Dictionary of Art and Artists



 

 


History of

Architecture and Sculpture

 
 

 

 
 

 
 

CONTENTS:

 
 

PART ONE
THE ANCIENT WORLD
PREHISTORIC ART
EGYPTIAN ART

ANCIENT NEAR EASTERN ART
AEGEAN ART
GREEK ART
ETRUSCAN ART
ROMAN ART
EARLY CHRISTIAN AND BYZANTINE ART

PART TWO
THE MIDDLE AGES
EARLY MEDIEVAL ART
ROMANESQUE ART
GOTHIC ART

PART THREE
THE RENAISSANCE THROUGH THE ROCOCO
LATE GOTHIC
THE EARLY RENAISSANCE IN ITALY
THE HIGH RENAISSANCE IN ITALY
MANNERISM AND OTHER TRENDS
THE RENAISSANCE IN THE NORTH
THE BAROQUE IN ITALY AND SPAIN
THE BAROQUE IN FLANDERS AND HOLLAND
THE BAROQUE
THE ROCOCO

PART FOUR
THE MODERN WORLD
NEOCLASSICISM AND ROMANTICISM
REALISM AND IMPRESSIONISM
POST-IMPRESSIONISM, SYMBOLISM, AND ART NOUVEAU

PART FIVE
TWENTIETH-CENTURY
TWENTIETH-CENTURY SCULPTURE
TWENTIETH-CENTURY ARCHITECTURE


INDEX
FIGURES
 

 
 

 
 

CHAPTER ONE
 

NEOCLASSICISM AND ROMANTICISM
 

NEOCLASSICISM
PAINTING
SCULPTURE and ARCHITECTURE- Part 1, 2, 3, 4, 5, 6, 7, 8, 9, 10, 11, 12, 13, 14

THE ROMANTIC MOVEMENT
PAINTING
SCULPTURE and ARCHITECTURE - Part1, 2, 3, 4, 5, 6, 7, 8, 9, 10, 11, 12, 13, 14, 15, 16, 17, 18, 19, 20

PHOTOGRAPHY
 

 


SCULPTURE and ARCHITECTURE
 

SCULPTURE


England

 

John Flaxman.
 

 


John Flaxman

John Flaxman, (born July 6, 1755, York, Yorkshire, Eng.—died Dec. 7, 1826, London), sculptor, illustrator, and designer, a leading artist of the Neoclassical style in England.

As a youth, Flaxman worked in his father’s plaster-casting studio in London while studying Classical literature, which was to be a continual source of inspiration. In 1770 he entered the Royal Academy schools. After 1775 he began to work for the potter Josiah Wedgwood. The discipline of producing designs, usually based on antique models and executed in wax, which could be translated into the silhouette technique of Wedgwood’s jasperware, strengthened Flaxman’s innate feeling for line. His design of the Apotheosis of Homer (1778) relief was adapted from an ancient Greek vase for use on pots, chimneypieces, and plaques. It has rarely been out of production since it was executed. Flaxman also designed profile portraits in antique style for execution as jasperware medallions. While at the academy he formed a lifelong friendship with William Blake, who stimulated his interest in medieval art.

In 1787 he went to Rome to continue his study of the antique. Intending to stay only two years, he obtained enough commissions to remain until 1794. His artistic creed was formed in these years. He drew assiduously, not only from the antique but also from Italian medieval and Renaissance art, and was determined to give his work a moral purpose. Between 1790 and 1794 he produced ambitious academic groups such as The Fury of Athamas (1790–92) and Cephalus and Aurora, but his book illustrations had far greater importance. His Iliad and Odyssey (1793), Aeschylus (1795), and Dante’s Divine Comedy (1802) soon became widely known and, with their clean linear rhythms, contributed much to the spread of Neoclassicism in England. Later in life he designed a Hesiod, engraved by William Blake in 1817.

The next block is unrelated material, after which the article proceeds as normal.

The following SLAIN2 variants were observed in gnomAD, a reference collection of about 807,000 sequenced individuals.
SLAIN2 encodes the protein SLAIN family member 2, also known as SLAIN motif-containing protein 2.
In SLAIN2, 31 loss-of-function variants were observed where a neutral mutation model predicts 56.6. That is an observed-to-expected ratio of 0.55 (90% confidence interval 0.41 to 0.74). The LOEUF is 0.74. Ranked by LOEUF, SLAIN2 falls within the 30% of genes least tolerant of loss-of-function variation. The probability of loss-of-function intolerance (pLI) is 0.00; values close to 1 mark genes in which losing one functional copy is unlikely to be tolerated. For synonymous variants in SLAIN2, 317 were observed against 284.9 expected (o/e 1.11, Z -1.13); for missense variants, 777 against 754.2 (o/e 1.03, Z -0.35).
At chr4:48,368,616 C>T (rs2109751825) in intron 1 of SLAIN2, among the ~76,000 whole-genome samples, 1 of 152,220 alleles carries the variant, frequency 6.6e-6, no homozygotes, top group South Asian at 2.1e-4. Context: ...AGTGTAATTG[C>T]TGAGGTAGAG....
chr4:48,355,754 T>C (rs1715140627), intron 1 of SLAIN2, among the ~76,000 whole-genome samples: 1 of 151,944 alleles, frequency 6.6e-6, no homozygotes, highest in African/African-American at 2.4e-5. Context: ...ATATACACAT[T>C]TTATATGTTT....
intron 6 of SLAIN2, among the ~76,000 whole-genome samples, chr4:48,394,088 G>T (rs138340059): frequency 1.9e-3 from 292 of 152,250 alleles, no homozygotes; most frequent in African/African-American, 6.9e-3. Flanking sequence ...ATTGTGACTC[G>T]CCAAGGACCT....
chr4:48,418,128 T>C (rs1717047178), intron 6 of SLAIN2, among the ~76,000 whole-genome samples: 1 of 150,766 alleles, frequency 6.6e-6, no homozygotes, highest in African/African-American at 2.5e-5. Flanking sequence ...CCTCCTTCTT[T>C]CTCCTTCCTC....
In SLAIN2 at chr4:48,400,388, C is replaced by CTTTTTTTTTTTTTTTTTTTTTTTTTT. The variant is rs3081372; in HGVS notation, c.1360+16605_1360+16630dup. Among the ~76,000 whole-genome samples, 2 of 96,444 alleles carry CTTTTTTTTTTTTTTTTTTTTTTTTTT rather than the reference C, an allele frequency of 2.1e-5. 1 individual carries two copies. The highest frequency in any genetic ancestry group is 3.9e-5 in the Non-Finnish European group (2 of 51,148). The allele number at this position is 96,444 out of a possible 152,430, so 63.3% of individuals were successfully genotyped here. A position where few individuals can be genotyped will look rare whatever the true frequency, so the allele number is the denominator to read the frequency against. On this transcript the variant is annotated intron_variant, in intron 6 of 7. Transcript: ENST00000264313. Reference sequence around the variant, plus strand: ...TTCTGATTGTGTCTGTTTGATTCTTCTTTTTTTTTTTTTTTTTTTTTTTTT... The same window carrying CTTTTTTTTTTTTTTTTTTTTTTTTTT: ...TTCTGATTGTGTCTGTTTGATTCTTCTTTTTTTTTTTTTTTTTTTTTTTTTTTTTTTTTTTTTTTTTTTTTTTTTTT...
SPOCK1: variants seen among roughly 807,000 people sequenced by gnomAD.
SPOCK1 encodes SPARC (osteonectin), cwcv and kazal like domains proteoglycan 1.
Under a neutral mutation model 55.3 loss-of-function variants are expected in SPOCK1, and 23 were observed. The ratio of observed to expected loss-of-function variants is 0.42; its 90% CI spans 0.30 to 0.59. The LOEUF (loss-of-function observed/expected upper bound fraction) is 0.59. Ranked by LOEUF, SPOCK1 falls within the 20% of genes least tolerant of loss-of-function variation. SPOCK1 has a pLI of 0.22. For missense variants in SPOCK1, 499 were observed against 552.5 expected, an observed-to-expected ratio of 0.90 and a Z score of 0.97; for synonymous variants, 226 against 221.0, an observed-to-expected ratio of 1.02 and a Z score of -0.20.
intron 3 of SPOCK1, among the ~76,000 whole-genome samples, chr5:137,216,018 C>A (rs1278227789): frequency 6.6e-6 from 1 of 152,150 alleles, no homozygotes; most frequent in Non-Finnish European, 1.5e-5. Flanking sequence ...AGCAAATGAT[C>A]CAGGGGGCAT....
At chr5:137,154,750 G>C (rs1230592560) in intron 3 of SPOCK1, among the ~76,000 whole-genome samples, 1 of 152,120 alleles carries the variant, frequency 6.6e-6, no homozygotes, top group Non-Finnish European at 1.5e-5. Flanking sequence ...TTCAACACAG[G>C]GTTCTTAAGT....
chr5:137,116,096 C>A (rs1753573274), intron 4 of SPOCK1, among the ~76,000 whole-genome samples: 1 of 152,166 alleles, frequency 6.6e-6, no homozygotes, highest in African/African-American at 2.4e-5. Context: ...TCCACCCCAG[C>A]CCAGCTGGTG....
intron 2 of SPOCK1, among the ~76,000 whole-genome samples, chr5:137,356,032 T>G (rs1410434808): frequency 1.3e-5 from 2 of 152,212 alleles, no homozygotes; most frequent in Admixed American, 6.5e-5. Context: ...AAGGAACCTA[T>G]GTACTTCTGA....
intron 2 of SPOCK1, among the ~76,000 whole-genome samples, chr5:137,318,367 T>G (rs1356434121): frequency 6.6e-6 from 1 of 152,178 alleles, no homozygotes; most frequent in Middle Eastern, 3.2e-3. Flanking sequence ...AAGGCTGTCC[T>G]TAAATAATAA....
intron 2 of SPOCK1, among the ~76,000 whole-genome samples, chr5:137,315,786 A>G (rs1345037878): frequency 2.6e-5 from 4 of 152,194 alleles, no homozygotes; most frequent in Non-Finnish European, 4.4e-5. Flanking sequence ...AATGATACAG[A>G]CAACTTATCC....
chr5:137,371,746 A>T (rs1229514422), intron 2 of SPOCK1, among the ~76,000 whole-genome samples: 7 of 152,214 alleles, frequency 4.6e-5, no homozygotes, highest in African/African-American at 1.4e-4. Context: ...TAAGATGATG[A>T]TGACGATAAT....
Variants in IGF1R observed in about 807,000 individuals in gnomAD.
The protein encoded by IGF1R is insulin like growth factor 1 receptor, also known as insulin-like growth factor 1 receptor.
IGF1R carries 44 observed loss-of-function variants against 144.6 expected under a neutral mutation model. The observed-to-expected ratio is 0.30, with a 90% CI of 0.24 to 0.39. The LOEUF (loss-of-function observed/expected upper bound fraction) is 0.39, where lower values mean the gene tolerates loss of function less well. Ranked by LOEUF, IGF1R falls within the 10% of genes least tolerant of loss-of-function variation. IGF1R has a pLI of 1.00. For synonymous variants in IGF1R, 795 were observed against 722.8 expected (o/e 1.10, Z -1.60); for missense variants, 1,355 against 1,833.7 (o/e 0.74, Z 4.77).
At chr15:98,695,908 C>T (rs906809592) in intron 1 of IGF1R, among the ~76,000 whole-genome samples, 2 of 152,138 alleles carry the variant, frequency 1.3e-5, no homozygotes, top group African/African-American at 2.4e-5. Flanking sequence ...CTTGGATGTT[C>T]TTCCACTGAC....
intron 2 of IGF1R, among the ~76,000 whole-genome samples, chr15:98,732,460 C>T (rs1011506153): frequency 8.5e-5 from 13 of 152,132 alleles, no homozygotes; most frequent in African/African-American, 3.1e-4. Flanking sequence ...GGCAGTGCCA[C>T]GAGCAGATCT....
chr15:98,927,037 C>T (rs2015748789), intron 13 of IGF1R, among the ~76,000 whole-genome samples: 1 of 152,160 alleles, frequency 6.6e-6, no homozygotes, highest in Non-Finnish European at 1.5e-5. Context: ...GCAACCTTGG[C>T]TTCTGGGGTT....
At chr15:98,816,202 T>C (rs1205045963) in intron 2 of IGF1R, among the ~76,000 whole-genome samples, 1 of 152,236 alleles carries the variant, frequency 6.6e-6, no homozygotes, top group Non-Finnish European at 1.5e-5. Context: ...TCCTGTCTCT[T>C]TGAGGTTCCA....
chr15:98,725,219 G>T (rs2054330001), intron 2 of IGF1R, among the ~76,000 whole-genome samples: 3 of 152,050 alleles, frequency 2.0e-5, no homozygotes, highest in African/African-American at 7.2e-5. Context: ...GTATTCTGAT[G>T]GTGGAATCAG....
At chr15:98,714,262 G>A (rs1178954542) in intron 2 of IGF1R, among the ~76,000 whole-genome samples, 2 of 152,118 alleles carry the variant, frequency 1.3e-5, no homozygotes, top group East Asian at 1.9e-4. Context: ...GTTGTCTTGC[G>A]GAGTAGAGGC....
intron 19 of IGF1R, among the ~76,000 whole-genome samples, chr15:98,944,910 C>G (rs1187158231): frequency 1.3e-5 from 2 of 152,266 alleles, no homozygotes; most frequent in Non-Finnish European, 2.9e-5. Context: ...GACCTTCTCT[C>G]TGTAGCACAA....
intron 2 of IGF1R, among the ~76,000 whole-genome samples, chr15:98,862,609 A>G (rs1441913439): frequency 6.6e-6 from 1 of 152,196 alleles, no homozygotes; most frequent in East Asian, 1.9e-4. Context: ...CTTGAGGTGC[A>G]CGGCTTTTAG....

On his return to London his designs for a large monument to the earl of Mansfield (Westminster Abbey, 1793–1801) established his reputation as a sculptor on a grand scale. He became a member of the Royal Academy in 1800 and its first professor of sculpture in 1810. He produced a wide range of works after 1800, from small monuments in relief to very large commissions in the round (the Nelson monument in St. Paul’s Cathedral; 1808–18). He also made some designs for silversmiths, the most famous being The Shield of Achilles (1818).

Flaxman’s chief strength lies in the sincerity, humanity, and remarkable fecundity of his designs, which include figures in the Classical manner and in contemporary dress as well as religious subjects. In his own day his reputation as a sculptor rivalled those of his great contemporaries Antonio Canova and Bertel Thorvaldsen.

Encyclopædia Britannica
 

 

 


John Flaxman. Cephalus and Aurora, 1789-90




John Flaxman. Monument to Lord Mansfield




John Flaxman. Monument to Lord Mansfield (details)




John Flaxman. The Fury of Athamas
1790-94
Marble
Ickworth, Suffolk


John Flaxman. Monument to Agnes Cromwell
1797-1800
Marble
Cathedral, Chichester




John Flaxman. Tomb of Harriet Susan, Viscountess Fitzharris
Priory, Christchurch, Dorset, England 1815




John Flaxman. Monument to Sarah Morley
Gloucester Cathedral, Gloucester, Gloucestershire, England, 1784

 


John Flaxman. Monument to Sarah Morley (details)




John Flaxman. Monument to Vice-Admiral Horatio Nelson
1808-18
Marble
St. Paul's Cathedral, London
 



John Flaxman. Monument to Vice-Admiral Horatio Nelson (details)




John Flaxman. Monument to Admiral Earl Howe
South transept, St Paul's Cathedral, London, England, 1803




John Flaxman. Bust of Henry Philip Hope
Thorvaldsen Museum, Copenhagen, Denmark




John Flaxman. Bust of John Hunter
Royal College of Surgeons, London, England, 1805




John Flaxman. Bust of Alexander Monro
Old Library, Edinburgh University, Edinburgh, Scotland




John Flaxman. Monument to John Philip Kemble
North transept, Westminster Abbey, London, England, 1826




John Flaxman. Statue of Sir Joshua Reynolds
St Paul's Cathedral, London, England, 1813




John Flaxman. Deliver Us from Evil

 
 

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